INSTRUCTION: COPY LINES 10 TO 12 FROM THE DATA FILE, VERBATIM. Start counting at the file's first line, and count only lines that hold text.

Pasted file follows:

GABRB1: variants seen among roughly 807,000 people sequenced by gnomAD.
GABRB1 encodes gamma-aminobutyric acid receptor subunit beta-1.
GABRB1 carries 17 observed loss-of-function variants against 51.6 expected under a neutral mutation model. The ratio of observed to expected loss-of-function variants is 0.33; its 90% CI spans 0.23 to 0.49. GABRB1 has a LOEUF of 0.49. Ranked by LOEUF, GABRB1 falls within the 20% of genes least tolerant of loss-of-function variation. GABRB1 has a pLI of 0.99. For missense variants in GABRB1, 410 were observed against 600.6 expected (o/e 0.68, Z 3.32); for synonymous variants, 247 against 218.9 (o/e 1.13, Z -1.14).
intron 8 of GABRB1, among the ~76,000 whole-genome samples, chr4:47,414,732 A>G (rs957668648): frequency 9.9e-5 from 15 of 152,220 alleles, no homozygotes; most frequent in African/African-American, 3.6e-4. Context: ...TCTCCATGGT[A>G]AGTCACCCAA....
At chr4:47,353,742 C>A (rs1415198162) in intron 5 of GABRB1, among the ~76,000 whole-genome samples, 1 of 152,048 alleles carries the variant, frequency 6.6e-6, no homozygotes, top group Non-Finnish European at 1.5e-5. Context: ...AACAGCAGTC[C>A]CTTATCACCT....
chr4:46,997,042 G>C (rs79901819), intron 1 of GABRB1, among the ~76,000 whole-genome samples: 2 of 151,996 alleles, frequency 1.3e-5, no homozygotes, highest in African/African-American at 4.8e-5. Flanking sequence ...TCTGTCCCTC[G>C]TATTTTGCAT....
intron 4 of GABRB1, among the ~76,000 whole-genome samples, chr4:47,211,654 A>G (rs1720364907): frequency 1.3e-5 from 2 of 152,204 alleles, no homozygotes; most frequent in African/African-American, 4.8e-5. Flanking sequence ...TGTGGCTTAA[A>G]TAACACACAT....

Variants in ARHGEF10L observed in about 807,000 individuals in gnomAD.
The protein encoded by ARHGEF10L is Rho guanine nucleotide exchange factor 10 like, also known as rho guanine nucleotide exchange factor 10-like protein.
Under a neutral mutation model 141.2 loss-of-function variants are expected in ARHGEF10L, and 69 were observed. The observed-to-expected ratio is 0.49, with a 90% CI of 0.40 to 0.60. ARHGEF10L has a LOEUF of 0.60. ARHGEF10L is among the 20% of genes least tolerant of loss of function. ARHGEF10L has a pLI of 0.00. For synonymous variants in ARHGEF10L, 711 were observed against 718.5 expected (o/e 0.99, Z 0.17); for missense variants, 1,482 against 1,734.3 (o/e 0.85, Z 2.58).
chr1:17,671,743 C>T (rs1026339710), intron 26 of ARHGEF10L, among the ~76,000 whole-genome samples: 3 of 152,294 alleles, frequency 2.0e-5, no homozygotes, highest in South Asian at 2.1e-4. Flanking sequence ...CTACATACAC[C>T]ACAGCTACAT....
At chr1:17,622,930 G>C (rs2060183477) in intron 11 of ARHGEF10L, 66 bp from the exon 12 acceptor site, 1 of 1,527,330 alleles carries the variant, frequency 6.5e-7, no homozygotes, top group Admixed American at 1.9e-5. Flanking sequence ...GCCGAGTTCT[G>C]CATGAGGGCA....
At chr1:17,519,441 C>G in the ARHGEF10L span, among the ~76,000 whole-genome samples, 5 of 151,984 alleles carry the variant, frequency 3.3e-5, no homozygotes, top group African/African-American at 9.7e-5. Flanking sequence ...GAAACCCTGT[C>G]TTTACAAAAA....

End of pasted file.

Under a neutral mutation model 141.2 loss-of-function variants are expected in ARHGEF10L, and 69 were observed. The observed-to-expected ratio is 0.49, with a 90% CI of 0.40 to 0.60. ARHGEF10L has a LOEUF of 0.60. ARHGEF10L is among the 20% of genes least tolerant of loss of function. ARHGEF10L has a pLI of 0.00. For synonymous variants in ARHGEF10L, 711 were observed against 718.5 expected (o/e 0.99, Z 0.17); for missense variants, 1,482 against 1,734.3 (o/e 0.85, Z 2.58).
chr1:17,671,743 C>T (rs1026339710), intron 26 of ARHGEF10L, among the ~76,000 whole-genome samples: 3 of 152,294 alleles, frequency 2.0e-5, no homozygotes, highest in South Asian at 2.1e-4. Flanking sequence ...CTACATACAC[C>T]ACAGCTACAT....
At chr1:17,622,930 G>C (rs2060183477) in intron 11 of ARHGEF10L, 66 bp from the exon 12 acceptor site, 1 of 1,527,330 alleles carries the variant, frequency 6.5e-7, no homozygotes, top group Admixed American at 1.9e-5. Flanking sequence ...GCCGAGTTCT[G>C]CATGAGGGCA....